A drastic change in plate tectonics and mantle convection occurred around 50 Ma as exemplified by the prominent Hawaiian–Emperor Bend. Both an abrupt Pacific Plate motion change and a change in mantle plume dynamics have been proposed to account for the Hawaiian–Emperor Bend, but debates surround the relative contribution of the two mechanisms. Here we build kinematic plate reconstructions and high-resolution global dynamic models to quantify the amount of Pacific Plate motion change. We find Izanagi Plate subduction, followed by demise of the Izanagi–Pacific Ridge and Izu–Bonin–Mariana subduction initiation alone, is incapable of causing a sudden change in plate motion, challenging the conventional hypothesis on the mechanisms of Pacific Plate motion change. Instead, Palaeocene slab pull from Kronotsky intraoceanic subduction in the northern Pacific exerts a northward pull on the Pacific Plate, while its Eocene demise leads to a sudden 30–35° change in plate motion, accounting for about half of the Hawaiian–Emperor Bend. We suggest the Pacific Plate motion change and hotspot drift due to plume dynamics could have contributed nearly equally to the formation of the Hawaiian–Emperor Bend. Such a scenario is consistent with available constraints from global plate circuits, palaeomagnetic data and geodynamic models.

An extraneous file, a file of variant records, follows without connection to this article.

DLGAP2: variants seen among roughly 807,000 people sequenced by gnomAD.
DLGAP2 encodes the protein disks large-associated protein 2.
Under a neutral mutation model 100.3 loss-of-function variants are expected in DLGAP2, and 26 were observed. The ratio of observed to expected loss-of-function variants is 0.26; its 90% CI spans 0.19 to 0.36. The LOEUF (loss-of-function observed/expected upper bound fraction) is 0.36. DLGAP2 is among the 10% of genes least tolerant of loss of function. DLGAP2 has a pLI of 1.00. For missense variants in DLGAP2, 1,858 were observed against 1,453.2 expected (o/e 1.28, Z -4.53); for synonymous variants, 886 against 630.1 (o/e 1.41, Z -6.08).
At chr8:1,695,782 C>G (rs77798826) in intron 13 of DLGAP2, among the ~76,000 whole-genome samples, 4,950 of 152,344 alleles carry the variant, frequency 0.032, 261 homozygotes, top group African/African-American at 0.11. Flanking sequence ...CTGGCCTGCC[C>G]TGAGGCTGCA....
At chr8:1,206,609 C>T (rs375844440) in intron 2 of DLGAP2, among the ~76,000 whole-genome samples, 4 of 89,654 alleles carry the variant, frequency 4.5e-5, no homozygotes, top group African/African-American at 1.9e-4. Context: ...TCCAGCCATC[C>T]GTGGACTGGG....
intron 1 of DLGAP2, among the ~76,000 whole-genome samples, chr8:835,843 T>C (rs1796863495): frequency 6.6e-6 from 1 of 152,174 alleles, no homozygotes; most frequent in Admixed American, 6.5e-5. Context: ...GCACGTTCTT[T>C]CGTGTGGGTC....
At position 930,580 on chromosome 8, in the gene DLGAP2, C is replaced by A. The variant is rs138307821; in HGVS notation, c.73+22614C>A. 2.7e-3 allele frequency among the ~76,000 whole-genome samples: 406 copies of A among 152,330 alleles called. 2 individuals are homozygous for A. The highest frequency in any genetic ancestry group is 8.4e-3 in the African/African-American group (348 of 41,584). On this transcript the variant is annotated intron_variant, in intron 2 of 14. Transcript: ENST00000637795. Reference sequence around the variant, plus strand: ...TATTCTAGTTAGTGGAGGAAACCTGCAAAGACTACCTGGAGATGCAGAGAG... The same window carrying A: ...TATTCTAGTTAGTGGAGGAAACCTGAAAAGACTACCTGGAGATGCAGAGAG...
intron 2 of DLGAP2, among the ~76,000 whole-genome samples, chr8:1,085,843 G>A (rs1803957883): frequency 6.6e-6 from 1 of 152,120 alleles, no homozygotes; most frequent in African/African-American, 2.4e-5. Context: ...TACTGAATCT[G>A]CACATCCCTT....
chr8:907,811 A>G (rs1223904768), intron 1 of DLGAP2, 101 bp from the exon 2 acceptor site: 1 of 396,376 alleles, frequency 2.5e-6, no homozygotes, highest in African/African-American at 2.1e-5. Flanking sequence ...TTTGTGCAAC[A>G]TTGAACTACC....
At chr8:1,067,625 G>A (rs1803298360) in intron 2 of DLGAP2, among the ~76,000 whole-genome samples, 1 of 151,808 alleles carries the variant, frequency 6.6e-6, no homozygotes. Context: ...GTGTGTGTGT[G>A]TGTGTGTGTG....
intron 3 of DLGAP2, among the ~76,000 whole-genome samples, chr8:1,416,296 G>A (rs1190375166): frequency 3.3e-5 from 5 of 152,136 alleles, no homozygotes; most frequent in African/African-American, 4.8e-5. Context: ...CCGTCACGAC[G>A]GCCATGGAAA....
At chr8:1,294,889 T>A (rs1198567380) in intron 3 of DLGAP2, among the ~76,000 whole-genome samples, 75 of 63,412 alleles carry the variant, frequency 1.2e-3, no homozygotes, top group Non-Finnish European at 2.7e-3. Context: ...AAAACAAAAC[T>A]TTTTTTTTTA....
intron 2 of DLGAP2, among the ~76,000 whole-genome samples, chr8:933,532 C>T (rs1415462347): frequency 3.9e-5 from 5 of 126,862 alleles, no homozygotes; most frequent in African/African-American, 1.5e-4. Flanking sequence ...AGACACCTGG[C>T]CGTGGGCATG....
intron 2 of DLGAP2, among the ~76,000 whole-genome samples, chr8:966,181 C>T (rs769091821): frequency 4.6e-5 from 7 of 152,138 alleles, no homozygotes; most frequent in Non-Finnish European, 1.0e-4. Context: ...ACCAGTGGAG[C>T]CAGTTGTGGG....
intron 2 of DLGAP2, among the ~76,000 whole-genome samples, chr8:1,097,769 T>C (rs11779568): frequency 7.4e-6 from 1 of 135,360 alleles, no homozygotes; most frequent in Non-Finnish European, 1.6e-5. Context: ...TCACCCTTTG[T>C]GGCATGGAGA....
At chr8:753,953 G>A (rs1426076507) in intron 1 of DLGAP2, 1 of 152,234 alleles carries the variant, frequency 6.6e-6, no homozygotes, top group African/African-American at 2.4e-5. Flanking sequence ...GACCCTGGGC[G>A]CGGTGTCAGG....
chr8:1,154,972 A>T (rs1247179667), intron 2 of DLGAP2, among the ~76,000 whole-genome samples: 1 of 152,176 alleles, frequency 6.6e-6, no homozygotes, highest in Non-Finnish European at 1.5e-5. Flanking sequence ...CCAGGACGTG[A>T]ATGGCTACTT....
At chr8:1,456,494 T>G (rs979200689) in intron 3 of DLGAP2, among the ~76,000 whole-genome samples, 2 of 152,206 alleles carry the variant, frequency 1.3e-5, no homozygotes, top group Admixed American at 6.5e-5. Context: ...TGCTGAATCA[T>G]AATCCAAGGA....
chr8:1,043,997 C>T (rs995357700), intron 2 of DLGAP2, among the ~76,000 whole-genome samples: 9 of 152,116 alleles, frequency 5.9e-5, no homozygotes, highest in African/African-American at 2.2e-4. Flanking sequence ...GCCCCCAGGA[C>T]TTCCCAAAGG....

ASJC Scopus subject areas
- Earth and Planetary Sciences(all)